KNOW YOUR MEME AND THE HOMOGENIZATION OF WEB HISTORY
Keywords:memes, historiography, Web history, Know Your Meme, research methods
AbstractKnow Your Meme (KYM) is a website devoted to compiling histories, definitions, and examples of internet memes. In the last decade, KYM has become popular among researchers, educators, and day-to-day Web users to understand memes and their meanings. As a result, it has become instrumental in establishing dominant histories of memes on the Web. This paper uses a discursive interface analysis of the KYM website along with the examples of Pepe the Frog, OK Boomer, and niche Facebook meme groups to demonstrate how the website constructs itself as a cultural authority to define and classify memes, and that an overreliance on KYM can have significant stakes. It may overlook entire uses of the meme, potentially downplay harmful ideologies, and generally imply the possibility for a meme to have a single primary meaning. I argue that an overreliance on KYM without acknowledging its limitations tends to overlook the essential plurality of the Web and instead implies a singular history of memes as an element of internet culture. However, KYM can still be a useful resource and to that end, ultimately, I conclude that we should move toward defining KYM as, “a curated collection of user-submitted meme instances and partially crowdsourced definitions.” While KYM is undeniably a useful resource, it is important that those of us who study the histories of the Web are mindful about how we lean upon this particular website and situate it within our work.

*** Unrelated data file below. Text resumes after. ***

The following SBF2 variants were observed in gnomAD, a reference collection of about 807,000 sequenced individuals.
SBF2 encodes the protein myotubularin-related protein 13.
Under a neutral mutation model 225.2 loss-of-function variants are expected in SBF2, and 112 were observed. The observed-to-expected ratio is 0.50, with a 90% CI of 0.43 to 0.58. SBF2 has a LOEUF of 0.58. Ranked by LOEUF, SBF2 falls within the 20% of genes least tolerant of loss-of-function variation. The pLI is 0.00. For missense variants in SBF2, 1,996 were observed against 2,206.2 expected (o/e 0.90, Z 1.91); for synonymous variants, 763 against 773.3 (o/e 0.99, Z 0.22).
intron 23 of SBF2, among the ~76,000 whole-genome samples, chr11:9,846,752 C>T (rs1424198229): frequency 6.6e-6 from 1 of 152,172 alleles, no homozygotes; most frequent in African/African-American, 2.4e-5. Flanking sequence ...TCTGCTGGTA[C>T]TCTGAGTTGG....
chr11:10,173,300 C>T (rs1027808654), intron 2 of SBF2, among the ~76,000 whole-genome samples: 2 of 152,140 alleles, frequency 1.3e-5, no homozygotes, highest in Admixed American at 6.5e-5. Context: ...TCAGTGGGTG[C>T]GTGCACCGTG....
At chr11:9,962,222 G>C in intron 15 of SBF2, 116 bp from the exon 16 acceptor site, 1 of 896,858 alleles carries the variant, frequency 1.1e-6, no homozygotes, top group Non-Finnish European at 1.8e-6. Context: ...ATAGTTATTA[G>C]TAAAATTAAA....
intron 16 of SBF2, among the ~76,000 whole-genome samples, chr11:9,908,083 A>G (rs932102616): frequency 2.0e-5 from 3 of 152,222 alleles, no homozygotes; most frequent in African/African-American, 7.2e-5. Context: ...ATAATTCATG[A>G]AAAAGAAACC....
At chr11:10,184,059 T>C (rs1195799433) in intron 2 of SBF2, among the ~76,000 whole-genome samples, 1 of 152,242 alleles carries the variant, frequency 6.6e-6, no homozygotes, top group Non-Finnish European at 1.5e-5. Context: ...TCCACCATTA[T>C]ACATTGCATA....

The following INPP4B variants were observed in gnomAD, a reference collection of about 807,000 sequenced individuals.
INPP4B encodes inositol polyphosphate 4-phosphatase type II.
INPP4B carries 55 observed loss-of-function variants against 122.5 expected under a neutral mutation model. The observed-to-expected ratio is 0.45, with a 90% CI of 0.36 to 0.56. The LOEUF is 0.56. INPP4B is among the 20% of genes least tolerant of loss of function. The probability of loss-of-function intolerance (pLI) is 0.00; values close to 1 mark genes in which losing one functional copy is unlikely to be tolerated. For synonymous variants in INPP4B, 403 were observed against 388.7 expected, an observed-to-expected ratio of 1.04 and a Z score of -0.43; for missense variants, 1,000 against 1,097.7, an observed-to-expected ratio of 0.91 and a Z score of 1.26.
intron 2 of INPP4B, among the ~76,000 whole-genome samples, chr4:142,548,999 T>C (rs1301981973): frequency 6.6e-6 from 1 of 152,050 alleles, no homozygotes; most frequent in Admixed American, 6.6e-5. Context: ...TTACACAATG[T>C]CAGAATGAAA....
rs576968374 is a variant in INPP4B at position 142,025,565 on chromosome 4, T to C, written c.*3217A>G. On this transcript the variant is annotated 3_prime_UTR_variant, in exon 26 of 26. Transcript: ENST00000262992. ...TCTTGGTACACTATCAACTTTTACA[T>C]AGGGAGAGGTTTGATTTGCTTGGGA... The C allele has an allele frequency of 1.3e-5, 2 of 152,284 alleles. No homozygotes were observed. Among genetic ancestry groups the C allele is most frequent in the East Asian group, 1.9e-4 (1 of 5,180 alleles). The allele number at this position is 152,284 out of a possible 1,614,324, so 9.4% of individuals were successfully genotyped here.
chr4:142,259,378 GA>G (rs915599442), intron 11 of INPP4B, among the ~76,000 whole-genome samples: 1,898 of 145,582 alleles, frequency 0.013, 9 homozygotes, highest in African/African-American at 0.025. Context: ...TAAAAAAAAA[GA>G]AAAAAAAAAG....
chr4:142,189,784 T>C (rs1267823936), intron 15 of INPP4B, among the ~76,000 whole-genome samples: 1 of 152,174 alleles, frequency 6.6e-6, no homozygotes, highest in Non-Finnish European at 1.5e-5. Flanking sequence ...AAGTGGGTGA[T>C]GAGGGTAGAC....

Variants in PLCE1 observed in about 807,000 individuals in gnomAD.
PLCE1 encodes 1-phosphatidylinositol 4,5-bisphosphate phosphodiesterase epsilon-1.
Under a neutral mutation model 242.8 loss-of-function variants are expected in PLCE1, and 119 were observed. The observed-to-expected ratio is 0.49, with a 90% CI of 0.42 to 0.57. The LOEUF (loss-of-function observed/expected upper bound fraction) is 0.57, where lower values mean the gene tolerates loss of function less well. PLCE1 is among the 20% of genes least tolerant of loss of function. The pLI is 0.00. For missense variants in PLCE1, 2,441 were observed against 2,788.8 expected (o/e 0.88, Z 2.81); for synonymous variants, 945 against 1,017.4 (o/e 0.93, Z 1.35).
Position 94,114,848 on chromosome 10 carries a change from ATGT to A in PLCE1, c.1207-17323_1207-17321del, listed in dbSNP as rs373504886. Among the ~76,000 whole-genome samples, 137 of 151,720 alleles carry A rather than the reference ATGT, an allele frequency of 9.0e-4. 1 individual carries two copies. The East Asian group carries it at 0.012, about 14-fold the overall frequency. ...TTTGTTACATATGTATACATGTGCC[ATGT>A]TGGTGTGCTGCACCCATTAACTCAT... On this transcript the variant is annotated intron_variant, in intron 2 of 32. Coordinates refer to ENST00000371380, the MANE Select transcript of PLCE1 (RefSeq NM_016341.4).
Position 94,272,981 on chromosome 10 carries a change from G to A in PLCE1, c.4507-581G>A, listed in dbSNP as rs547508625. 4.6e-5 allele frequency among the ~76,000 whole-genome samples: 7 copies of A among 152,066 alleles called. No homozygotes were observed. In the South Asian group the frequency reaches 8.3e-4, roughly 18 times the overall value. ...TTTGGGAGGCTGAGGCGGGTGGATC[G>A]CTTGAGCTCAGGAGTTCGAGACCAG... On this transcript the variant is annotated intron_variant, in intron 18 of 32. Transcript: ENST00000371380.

How to Cite
Pettis, B. (2021). KNOW YOUR MEME AND THE HOMOGENIZATION OF WEB HISTORY. AoIR Selected Papers of Internet Research, 2021. https://doi.org/10.5210/spir.v2021i0.12009